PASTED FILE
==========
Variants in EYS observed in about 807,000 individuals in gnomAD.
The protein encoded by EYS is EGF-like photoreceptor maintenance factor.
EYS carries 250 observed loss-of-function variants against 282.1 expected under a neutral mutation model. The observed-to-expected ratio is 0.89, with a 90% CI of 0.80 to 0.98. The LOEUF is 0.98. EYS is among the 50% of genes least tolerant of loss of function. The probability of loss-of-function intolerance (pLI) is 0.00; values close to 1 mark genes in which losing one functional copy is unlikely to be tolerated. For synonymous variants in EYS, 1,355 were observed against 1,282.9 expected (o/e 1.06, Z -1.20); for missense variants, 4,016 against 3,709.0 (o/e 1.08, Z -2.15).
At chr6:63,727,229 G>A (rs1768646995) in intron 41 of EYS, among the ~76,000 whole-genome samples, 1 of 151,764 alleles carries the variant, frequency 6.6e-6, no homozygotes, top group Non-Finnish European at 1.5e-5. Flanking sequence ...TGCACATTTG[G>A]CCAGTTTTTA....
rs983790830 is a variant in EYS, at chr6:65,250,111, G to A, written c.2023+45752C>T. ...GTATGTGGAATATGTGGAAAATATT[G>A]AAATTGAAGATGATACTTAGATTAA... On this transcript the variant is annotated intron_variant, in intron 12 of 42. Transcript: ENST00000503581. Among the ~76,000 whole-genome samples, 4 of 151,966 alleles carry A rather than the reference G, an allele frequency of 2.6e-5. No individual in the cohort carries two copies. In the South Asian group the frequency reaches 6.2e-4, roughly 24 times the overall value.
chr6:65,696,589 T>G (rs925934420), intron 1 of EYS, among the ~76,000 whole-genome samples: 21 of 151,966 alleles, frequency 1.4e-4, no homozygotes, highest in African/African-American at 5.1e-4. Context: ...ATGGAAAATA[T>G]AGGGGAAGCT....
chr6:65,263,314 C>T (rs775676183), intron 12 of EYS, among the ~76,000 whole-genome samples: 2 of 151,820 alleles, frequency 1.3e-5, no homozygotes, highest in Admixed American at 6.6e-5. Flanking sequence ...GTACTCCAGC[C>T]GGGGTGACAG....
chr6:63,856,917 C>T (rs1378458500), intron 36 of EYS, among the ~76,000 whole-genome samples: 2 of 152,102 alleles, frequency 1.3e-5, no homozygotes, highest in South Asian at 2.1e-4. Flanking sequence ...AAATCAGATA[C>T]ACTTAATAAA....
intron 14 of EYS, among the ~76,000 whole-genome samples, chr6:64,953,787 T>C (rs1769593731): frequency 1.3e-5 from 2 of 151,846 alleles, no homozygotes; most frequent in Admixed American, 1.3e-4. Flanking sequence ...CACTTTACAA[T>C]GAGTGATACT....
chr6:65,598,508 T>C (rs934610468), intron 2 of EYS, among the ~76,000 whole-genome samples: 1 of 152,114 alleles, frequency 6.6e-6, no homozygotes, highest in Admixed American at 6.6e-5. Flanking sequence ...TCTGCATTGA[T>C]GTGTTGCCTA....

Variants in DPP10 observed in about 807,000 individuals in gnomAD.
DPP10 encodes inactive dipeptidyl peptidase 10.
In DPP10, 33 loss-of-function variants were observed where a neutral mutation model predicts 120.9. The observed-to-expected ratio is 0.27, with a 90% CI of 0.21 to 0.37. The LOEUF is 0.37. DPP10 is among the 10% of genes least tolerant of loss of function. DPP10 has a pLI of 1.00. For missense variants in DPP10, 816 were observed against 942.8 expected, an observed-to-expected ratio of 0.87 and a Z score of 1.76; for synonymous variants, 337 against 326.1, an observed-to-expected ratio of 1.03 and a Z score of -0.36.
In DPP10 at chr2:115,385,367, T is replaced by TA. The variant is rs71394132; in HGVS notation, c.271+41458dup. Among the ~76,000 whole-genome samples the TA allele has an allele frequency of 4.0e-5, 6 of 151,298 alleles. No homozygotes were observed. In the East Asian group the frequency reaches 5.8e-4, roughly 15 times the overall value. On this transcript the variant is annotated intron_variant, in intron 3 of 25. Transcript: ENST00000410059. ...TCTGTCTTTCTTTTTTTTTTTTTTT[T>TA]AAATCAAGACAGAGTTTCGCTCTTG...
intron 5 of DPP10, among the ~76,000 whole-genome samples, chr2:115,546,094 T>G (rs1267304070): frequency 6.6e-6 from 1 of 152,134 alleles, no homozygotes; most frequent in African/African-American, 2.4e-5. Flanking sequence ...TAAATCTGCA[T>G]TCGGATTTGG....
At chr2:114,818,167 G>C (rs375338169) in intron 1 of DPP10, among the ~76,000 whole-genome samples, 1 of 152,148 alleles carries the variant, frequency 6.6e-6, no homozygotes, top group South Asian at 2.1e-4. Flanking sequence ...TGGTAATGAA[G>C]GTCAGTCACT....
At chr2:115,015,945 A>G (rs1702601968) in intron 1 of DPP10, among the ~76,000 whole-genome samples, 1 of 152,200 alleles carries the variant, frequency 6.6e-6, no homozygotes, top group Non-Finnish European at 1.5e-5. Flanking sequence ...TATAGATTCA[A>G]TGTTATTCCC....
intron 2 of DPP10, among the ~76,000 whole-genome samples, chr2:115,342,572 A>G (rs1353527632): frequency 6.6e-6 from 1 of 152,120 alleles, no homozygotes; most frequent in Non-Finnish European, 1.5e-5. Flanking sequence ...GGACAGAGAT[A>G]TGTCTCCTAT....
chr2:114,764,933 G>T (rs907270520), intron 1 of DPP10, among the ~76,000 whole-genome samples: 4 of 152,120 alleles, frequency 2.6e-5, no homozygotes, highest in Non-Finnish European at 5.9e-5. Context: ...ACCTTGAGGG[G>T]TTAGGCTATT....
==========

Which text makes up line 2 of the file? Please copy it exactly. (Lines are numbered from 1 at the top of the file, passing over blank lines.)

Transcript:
The protein encoded by EYS is EGF-like photoreceptor maintenance factor.